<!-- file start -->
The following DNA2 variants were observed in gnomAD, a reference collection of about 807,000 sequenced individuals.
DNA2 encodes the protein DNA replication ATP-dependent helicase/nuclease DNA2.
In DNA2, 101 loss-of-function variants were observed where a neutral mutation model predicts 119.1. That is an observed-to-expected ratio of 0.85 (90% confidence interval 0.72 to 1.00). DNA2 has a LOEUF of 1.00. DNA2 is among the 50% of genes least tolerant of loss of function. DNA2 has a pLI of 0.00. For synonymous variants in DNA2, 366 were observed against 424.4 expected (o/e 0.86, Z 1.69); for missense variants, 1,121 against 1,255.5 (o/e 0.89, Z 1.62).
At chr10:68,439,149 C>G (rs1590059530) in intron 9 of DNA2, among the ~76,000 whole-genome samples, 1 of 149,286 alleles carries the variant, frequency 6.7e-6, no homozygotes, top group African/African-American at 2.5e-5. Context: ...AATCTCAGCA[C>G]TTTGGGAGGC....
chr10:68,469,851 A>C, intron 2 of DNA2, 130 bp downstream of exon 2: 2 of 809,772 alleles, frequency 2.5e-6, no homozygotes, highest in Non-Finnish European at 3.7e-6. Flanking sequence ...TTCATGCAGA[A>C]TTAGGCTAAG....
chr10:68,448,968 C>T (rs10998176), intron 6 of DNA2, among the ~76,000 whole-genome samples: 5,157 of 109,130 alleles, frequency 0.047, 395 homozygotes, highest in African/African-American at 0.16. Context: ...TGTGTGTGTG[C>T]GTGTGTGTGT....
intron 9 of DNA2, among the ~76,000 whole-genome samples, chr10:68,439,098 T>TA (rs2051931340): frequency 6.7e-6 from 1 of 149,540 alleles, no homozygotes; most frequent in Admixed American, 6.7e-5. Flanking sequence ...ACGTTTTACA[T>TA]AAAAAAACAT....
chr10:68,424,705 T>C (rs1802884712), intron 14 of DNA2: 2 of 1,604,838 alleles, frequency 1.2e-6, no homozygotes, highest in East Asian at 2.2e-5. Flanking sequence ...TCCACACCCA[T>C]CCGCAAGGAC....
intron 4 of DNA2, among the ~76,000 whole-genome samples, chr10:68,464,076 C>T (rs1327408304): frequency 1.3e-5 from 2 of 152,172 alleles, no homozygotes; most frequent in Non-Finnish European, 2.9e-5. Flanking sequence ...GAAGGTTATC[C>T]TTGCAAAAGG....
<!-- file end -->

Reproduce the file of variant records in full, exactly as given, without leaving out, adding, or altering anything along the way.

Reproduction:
The following DNA2 variants were observed in gnomAD, a reference collection of about 807,000 sequenced individuals.
DNA2 encodes the protein DNA replication ATP-dependent helicase/nuclease DNA2.
In DNA2, 101 loss-of-function variants were observed where a neutral mutation model predicts 119.1. That is an observed-to-expected ratio of 0.85 (90% confidence interval 0.72 to 1.00). DNA2 has a LOEUF of 1.00. DNA2 is among the 50% of genes least tolerant of loss of function. DNA2 has a pLI of 0.00. For synonymous variants in DNA2, 366 were observed against 424.4 expected (o/e 0.86, Z 1.69); for missense variants, 1,121 against 1,255.5 (o/e 0.89, Z 1.62).
At chr10:68,439,149 C>G (rs1590059530) in intron 9 of DNA2, among the ~76,000 whole-genome samples, 1 of 149,286 alleles carries the variant, frequency 6.7e-6, no homozygotes, top group African/African-American at 2.5e-5. Context: ...AATCTCAGCA[C>G]TTTGGGAGGC....
chr10:68,469,851 A>C, intron 2 of DNA2, 130 bp downstream of exon 2: 2 of 809,772 alleles, frequency 2.5e-6, no homozygotes, highest in Non-Finnish European at 3.7e-6. Flanking sequence ...TTCATGCAGA[A>C]TTAGGCTAAG....
chr10:68,448,968 C>T (rs10998176), intron 6 of DNA2, among the ~76,000 whole-genome samples: 5,157 of 109,130 alleles, frequency 0.047, 395 homozygotes, highest in African/African-American at 0.16. Context: ...TGTGTGTGTG[C>T]GTGTGTGTGT....
intron 9 of DNA2, among the ~76,000 whole-genome samples, chr10:68,439,098 T>TA (rs2051931340): frequency 6.7e-6 from 1 of 149,540 alleles, no homozygotes; most frequent in Admixed American, 6.7e-5. Flanking sequence ...ACGTTTTACA[T>TA]AAAAAAACAT....
chr10:68,424,705 T>C (rs1802884712), intron 14 of DNA2: 2 of 1,604,838 alleles, frequency 1.2e-6, no homozygotes, highest in East Asian at 2.2e-5. Flanking sequence ...TCCACACCCA[T>C]CCGCAAGGAC....
intron 4 of DNA2, among the ~76,000 whole-genome samples, chr10:68,464,076 C>T (rs1327408304): frequency 1.3e-5 from 2 of 152,172 alleles, no homozygotes; most frequent in Non-Finnish European, 2.9e-5. Flanking sequence ...GAAGGTTATC[C>T]TTGCAAAAGG....